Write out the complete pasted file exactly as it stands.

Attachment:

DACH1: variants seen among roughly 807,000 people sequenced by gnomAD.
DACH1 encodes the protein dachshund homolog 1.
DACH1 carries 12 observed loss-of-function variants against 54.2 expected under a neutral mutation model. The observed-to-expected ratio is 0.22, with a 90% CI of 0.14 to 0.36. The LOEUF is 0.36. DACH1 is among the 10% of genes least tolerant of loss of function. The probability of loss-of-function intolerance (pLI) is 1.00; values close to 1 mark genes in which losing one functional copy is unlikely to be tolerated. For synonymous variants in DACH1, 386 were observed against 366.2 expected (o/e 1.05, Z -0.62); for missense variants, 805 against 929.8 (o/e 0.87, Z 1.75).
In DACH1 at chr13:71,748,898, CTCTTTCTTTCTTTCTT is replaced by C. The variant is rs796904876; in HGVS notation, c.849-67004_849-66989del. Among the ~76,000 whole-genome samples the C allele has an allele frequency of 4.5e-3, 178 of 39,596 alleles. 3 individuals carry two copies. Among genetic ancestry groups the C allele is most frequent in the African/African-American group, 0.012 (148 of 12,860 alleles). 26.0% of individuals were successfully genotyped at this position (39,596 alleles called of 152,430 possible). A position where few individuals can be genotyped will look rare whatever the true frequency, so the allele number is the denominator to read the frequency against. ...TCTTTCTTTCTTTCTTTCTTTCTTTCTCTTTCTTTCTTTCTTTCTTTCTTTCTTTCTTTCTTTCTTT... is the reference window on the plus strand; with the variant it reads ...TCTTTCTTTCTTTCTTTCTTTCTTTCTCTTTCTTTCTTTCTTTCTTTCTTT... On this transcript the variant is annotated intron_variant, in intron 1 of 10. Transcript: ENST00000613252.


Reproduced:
DACH1: variants seen among roughly 807,000 people sequenced by gnomAD.
DACH1 encodes the protein dachshund homolog 1.
DACH1 carries 12 observed loss-of-function variants against 54.2 expected under a neutral mutation model. The observed-to-expected ratio is 0.22, with a 90% CI of 0.14 to 0.36. The LOEUF is 0.36. DACH1 is among the 10% of genes least tolerant of loss of function. The probability of loss-of-function intolerance (pLI) is 1.00; values close to 1 mark genes in which losing one functional copy is unlikely to be tolerated. For synonymous variants in DACH1, 386 were observed against 366.2 expected (o/e 1.05, Z -0.62); for missense variants, 805 against 929.8 (o/e 0.87, Z 1.75).
In DACH1 at chr13:71,748,898, CTCTTTCTTTCTTTCTT is replaced by C. The variant is rs796904876; in HGVS notation, c.849-67004_849-66989del. Among the ~76,000 whole-genome samples the C allele has an allele frequency of 4.5e-3, 178 of 39,596 alleles. 3 individuals carry two copies. Among genetic ancestry groups the C allele is most frequent in the African/African-American group, 0.012 (148 of 12,860 alleles). 26.0% of individuals were successfully genotyped at this position (39,596 alleles called of 152,430 possible). A position where few individuals can be genotyped will look rare whatever the true frequency, so the allele number is the denominator to read the frequency against. ...TCTTTCTTTCTTTCTTTCTTTCTTTCTCTTTCTTTCTTTCTTTCTTTCTTTCTTTCTTTCTTTCTTT... is the reference window on the plus strand; with the variant it reads ...TCTTTCTTTCTTTCTTTCTTTCTTTCTCTTTCTTTCTTTCTTTCTTTCTTT... On this transcript the variant is annotated intron_variant, in intron 1 of 10. Transcript: ENST00000613252.